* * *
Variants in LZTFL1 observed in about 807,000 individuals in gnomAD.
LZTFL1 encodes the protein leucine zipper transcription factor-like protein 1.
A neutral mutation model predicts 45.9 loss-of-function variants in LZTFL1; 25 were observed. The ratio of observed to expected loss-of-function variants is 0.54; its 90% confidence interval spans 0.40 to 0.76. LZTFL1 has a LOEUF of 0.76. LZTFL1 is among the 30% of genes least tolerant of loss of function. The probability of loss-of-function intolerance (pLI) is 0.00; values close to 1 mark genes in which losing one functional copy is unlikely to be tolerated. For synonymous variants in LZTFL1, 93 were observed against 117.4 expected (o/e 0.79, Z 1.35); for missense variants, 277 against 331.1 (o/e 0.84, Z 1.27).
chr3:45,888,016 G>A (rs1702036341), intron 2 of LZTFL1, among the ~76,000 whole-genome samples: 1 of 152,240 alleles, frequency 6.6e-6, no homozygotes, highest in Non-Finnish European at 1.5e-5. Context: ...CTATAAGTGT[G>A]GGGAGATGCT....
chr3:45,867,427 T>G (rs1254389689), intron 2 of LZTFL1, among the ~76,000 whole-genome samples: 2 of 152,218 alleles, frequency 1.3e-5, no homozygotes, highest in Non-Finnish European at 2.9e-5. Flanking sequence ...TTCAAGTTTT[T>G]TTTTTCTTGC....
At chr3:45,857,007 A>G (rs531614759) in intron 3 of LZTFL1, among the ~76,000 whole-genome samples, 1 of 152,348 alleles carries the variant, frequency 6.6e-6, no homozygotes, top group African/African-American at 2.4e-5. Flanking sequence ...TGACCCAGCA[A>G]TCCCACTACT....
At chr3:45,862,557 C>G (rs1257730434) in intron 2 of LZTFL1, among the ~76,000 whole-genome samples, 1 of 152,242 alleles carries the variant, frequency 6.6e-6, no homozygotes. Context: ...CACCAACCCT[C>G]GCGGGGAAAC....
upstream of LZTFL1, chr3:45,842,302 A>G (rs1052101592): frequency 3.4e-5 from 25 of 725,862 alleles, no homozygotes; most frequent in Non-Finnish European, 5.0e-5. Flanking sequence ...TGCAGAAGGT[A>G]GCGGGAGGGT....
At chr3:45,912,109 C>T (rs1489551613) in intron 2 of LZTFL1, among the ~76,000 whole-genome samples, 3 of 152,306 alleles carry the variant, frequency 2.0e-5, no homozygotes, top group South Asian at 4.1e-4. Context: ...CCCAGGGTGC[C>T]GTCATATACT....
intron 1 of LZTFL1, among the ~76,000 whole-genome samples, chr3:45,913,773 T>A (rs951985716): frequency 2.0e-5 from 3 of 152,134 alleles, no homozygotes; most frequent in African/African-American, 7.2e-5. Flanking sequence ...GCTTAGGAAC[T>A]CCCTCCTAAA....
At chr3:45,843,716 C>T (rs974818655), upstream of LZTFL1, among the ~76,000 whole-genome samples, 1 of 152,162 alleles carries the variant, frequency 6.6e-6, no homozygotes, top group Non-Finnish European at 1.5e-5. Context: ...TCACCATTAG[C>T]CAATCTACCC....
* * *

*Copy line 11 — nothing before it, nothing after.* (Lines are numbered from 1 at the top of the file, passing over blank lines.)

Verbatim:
At chr3:45,843,716 C>T (rs974818655), upstream of LZTFL1, among the ~76,000 whole-genome samples, 1 of 152,162 alleles carries the variant, frequency 6.6e-6, no homozygotes, top group Non-Finnish European at 1.5e-5. Context: ...TCACCATTAG[C>T]CAATCTACCC....